Like a well-built home, great software focuses on giving its users hundreds of small, satisfying interactions. In Slack, every piece of copy is seen as an opportunity to be playful. Where competitor might just have a loading spinner, Slack has funny quotes like, Need to whip up a dessert in a hurry? Dump a bag of oreos on the floor and eat the oreos off the floor like an animal. A strange little injection of fun into an otherwise boring day. Slack acts like your wise-cracking robot sidekick, instead of the boring enterprise chat tool it would otherwise be.
Once one starts looking at persuasive communication from a design perspective, one could easily see that there’s social engineers at work in shaping the desired outcome of corporate and political campaigning. Every populist knows that in order to win the hearts, minds and eventually the votes of the masses, one simply needs to have them to look at things through their frame. Fox News can be seen as nothing more than a machine that keeps on reframing everything into a white Republican paternalistic narrative. Protestors are terrorists, Diplomacy is for pussies, Corporations are heroes, the Unemployed are Lazy, Punishment is Good, etc. The Russians learn to see the Ukrainians as terrorists. The IS soldiers learn to see the West as the imperialists that want to destroy Islam. Our European governments want us to look at the Greek as being stubborn and lazy the list is endless. The latest elections in which the Republicans won the Senate in November 2014 can be seen as an incredibly disciplined and orchestrated campaign to win at any cost, as pointed out by The New York Times in this OpEd Negativity wins the Senate. The architect behind this coordinated storyline design is a spindoctor called Frank Lutz.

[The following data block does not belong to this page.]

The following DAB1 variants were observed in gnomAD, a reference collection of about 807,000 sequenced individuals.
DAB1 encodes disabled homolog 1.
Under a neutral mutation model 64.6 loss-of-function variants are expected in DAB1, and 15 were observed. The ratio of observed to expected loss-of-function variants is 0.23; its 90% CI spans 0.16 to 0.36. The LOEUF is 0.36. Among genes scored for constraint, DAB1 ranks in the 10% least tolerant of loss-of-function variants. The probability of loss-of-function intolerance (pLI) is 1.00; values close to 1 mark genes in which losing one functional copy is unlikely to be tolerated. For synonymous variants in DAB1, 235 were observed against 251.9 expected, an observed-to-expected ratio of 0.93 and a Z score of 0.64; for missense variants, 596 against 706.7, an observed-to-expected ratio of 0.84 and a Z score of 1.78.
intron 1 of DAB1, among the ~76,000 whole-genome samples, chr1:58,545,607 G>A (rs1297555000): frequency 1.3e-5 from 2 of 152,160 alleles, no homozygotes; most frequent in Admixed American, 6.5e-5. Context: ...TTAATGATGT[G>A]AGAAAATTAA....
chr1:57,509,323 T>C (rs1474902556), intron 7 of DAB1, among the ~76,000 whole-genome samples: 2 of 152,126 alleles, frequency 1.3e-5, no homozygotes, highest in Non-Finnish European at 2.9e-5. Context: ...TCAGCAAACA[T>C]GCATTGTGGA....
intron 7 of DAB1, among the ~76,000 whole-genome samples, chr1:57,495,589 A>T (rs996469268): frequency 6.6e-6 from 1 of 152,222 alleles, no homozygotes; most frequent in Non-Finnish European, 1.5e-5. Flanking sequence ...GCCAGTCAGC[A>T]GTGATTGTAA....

Republicans would like the country to believe that they took control of the Senate on Tuesday by advocating a strong, appealing agenda of job creation, tax reform and spending cuts. But, in reality, they did nothing of the sort. Even the voters who supported Republican candidates would have a hard time explaining what their choices are going to do. That’s because virtually every Republican candidate campaigned on only one thing: what they called the failure of President Obama. In speech after speech, ad after ad, they relentlessly linked their Democratic opponent to the president and vowed that they would put an end to everything they say the public hates about his administration.
PS. If you want to master the art of influence yourself, join the Behavioural Design Academy now.